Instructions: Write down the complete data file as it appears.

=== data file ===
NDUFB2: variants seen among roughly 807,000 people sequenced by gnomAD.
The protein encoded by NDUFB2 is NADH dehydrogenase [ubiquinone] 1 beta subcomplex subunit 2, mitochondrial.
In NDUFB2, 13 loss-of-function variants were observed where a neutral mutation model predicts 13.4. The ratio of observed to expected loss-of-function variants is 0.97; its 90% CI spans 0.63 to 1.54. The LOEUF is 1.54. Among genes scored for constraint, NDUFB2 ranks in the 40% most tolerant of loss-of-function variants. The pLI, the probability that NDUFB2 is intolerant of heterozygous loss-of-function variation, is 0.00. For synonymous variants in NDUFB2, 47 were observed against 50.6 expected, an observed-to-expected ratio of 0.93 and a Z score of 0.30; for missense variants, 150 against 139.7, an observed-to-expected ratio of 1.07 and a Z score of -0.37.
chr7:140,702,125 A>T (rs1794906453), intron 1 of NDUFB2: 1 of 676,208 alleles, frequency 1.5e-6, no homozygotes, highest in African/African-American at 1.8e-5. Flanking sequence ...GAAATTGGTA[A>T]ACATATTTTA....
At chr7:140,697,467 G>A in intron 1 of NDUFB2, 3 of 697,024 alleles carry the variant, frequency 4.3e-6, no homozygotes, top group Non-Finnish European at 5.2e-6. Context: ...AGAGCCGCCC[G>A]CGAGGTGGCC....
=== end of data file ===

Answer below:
NDUFB2: variants seen among roughly 807,000 people sequenced by gnomAD.
The protein encoded by NDUFB2 is NADH dehydrogenase [ubiquinone] 1 beta subcomplex subunit 2, mitochondrial.
In NDUFB2, 13 loss-of-function variants were observed where a neutral mutation model predicts 13.4. The ratio of observed to expected loss-of-function variants is 0.97; its 90% CI spans 0.63 to 1.54. The LOEUF is 1.54. Among genes scored for constraint, NDUFB2 ranks in the 40% most tolerant of loss-of-function variants. The pLI, the probability that NDUFB2 is intolerant of heterozygous loss-of-function variation, is 0.00. For synonymous variants in NDUFB2, 47 were observed against 50.6 expected, an observed-to-expected ratio of 0.93 and a Z score of 0.30; for missense variants, 150 against 139.7, an observed-to-expected ratio of 1.07 and a Z score of -0.37.
chr7:140,702,125 A>T (rs1794906453), intron 1 of NDUFB2: 1 of 676,208 alleles, frequency 1.5e-6, no homozygotes, highest in African/African-American at 1.8e-5. Flanking sequence ...GAAATTGGTA[A>T]ACATATTTTA....
At chr7:140,697,467 G>A in intron 1 of NDUFB2, 3 of 697,024 alleles carry the variant, frequency 4.3e-6, no homozygotes, top group Non-Finnish European at 5.2e-6. Context: ...AGAGCCGCCC[G>A]CGAGGTGGCC....